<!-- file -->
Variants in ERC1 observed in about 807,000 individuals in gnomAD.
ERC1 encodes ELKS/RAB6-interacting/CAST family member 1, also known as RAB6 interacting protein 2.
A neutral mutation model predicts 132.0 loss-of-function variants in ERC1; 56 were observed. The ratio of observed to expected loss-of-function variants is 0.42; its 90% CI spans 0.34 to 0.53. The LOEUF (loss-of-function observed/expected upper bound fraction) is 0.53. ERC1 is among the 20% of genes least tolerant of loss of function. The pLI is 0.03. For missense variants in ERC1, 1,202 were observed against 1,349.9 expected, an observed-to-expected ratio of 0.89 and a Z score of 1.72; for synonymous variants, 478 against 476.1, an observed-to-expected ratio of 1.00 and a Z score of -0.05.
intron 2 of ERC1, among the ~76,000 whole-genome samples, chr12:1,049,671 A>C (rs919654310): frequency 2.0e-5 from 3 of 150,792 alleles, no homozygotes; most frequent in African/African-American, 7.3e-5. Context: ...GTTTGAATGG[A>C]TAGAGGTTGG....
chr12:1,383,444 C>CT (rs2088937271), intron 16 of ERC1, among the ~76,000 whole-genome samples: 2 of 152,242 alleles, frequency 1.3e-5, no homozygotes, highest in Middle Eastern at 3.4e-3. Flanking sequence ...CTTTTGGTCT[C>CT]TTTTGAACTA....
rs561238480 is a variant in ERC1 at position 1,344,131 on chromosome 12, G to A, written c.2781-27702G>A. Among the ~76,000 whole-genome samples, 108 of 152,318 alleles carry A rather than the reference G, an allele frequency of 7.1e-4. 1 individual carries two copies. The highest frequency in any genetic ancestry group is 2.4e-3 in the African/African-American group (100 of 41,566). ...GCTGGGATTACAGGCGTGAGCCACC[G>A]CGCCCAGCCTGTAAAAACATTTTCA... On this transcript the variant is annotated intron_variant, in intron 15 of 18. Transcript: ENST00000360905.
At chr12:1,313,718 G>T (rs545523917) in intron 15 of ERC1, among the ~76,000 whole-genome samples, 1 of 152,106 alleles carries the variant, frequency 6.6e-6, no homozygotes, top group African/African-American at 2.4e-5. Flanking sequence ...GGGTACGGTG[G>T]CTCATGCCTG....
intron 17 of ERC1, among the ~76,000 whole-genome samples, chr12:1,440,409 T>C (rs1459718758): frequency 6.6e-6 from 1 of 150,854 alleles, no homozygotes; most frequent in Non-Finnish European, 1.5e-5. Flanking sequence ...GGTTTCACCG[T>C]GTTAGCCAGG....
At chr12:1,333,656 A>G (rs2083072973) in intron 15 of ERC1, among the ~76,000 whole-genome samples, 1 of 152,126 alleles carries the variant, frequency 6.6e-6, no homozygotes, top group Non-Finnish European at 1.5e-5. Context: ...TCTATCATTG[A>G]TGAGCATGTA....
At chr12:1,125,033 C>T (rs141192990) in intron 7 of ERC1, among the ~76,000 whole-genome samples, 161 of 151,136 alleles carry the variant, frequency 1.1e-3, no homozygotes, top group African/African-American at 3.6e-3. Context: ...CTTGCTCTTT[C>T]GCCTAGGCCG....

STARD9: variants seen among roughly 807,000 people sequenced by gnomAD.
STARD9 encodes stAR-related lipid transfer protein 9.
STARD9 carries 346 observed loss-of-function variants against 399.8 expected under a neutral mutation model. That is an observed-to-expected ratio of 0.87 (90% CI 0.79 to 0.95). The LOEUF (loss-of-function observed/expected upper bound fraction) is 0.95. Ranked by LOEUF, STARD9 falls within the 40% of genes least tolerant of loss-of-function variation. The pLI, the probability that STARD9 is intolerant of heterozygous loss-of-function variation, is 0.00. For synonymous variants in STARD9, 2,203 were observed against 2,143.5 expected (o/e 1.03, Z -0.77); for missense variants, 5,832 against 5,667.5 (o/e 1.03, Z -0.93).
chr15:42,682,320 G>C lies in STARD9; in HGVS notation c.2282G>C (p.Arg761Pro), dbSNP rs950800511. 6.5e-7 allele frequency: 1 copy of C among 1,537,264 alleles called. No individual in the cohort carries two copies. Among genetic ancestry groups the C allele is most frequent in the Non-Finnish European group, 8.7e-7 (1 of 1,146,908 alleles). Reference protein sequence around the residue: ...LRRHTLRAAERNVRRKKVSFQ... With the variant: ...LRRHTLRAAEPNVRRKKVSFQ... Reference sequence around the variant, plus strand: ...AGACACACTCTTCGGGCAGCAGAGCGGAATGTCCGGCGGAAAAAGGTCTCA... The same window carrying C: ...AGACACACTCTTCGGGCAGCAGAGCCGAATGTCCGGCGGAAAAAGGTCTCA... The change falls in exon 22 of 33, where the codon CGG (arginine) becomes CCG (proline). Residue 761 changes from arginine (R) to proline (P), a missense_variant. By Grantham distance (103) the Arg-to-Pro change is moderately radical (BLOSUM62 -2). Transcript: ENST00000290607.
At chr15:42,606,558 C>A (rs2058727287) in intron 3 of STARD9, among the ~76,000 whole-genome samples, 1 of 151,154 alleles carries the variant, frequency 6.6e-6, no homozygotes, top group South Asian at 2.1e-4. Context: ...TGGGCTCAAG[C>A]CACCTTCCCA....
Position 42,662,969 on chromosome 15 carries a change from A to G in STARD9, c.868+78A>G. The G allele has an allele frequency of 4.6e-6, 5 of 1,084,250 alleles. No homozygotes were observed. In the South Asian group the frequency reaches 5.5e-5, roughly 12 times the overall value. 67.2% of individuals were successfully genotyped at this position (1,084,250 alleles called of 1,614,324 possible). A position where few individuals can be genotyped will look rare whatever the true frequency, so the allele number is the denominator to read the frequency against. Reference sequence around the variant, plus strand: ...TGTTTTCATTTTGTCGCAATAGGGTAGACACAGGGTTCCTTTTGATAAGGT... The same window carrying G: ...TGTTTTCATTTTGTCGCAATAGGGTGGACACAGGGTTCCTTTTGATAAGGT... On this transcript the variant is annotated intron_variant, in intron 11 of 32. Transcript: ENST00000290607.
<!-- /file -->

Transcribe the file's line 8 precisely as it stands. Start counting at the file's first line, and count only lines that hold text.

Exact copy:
intron 17 of ERC1, among the ~76,000 whole-genome samples, chr12:1,440,409 T>C (rs1459718758): frequency 6.6e-6 from 1 of 150,854 alleles, no homozygotes; most frequent in Non-Finnish European, 1.5e-5. Flanking sequence ...GGTTTCACCG[T>C]GTTAGCCAGG....